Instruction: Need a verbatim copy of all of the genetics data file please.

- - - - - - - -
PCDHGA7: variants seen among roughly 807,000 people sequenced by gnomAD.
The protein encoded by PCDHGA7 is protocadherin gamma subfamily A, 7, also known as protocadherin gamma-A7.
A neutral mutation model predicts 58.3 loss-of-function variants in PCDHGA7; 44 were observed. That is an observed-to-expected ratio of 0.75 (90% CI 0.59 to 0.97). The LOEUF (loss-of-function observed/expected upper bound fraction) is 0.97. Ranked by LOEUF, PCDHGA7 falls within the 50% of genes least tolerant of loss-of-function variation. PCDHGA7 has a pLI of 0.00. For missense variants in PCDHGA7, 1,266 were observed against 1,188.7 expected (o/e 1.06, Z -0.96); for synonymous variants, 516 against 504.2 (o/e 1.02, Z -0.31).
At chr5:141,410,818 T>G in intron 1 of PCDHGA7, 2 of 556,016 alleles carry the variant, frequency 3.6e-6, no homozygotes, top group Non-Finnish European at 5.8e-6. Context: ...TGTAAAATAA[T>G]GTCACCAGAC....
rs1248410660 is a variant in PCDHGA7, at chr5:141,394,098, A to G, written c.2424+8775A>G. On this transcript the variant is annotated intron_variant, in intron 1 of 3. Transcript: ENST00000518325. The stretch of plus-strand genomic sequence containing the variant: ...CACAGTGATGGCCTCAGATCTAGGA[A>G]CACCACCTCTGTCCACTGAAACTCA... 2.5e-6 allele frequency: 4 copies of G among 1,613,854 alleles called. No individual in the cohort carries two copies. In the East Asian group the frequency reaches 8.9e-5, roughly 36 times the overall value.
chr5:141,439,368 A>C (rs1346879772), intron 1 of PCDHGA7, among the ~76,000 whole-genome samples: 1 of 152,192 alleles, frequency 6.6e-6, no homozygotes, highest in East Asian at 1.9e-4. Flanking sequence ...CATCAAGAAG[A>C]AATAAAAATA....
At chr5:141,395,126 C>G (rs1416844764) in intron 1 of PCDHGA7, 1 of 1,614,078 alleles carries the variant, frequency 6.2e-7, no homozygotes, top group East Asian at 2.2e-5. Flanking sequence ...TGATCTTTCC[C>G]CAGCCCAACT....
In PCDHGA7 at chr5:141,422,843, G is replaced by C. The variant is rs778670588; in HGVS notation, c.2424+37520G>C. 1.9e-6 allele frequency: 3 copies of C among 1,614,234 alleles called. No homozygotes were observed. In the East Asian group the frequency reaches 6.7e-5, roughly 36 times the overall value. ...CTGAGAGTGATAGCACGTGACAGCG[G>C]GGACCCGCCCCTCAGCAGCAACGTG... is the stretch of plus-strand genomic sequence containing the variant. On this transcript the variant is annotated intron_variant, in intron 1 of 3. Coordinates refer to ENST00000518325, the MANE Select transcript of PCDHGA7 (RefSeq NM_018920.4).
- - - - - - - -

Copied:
PCDHGA7: variants seen among roughly 807,000 people sequenced by gnomAD.
The protein encoded by PCDHGA7 is protocadherin gamma subfamily A, 7, also known as protocadherin gamma-A7.
A neutral mutation model predicts 58.3 loss-of-function variants in PCDHGA7; 44 were observed. That is an observed-to-expected ratio of 0.75 (90% CI 0.59 to 0.97). The LOEUF (loss-of-function observed/expected upper bound fraction) is 0.97. Ranked by LOEUF, PCDHGA7 falls within the 50% of genes least tolerant of loss-of-function variation. PCDHGA7 has a pLI of 0.00. For missense variants in PCDHGA7, 1,266 were observed against 1,188.7 expected (o/e 1.06, Z -0.96); for synonymous variants, 516 against 504.2 (o/e 1.02, Z -0.31).
At chr5:141,410,818 T>G in intron 1 of PCDHGA7, 2 of 556,016 alleles carry the variant, frequency 3.6e-6, no homozygotes, top group Non-Finnish European at 5.8e-6. Context: ...TGTAAAATAA[T>G]GTCACCAGAC....
rs1248410660 is a variant in PCDHGA7, at chr5:141,394,098, A to G, written c.2424+8775A>G. On this transcript the variant is annotated intron_variant, in intron 1 of 3. Transcript: ENST00000518325. The stretch of plus-strand genomic sequence containing the variant: ...CACAGTGATGGCCTCAGATCTAGGA[A>G]CACCACCTCTGTCCACTGAAACTCA... 2.5e-6 allele frequency: 4 copies of G among 1,613,854 alleles called. No individual in the cohort carries two copies. In the East Asian group the frequency reaches 8.9e-5, roughly 36 times the overall value.
chr5:141,439,368 A>C (rs1346879772), intron 1 of PCDHGA7, among the ~76,000 whole-genome samples: 1 of 152,192 alleles, frequency 6.6e-6, no homozygotes, highest in East Asian at 1.9e-4. Flanking sequence ...CATCAAGAAG[A>C]AATAAAAATA....
At chr5:141,395,126 C>G (rs1416844764) in intron 1 of PCDHGA7, 1 of 1,614,078 alleles carries the variant, frequency 6.2e-7, no homozygotes, top group East Asian at 2.2e-5. Flanking sequence ...TGATCTTTCC[C>G]CAGCCCAACT....
In PCDHGA7 at chr5:141,422,843, G is replaced by C. The variant is rs778670588; in HGVS notation, c.2424+37520G>C. 1.9e-6 allele frequency: 3 copies of C among 1,614,234 alleles called. No homozygotes were observed. In the East Asian group the frequency reaches 6.7e-5, roughly 36 times the overall value. ...CTGAGAGTGATAGCACGTGACAGCG[G>C]GGACCCGCCCCTCAGCAGCAACGTG... is the stretch of plus-strand genomic sequence containing the variant. On this transcript the variant is annotated intron_variant, in intron 1 of 3. Coordinates refer to ENST00000518325, the MANE Select transcript of PCDHGA7 (RefSeq NM_018920.4).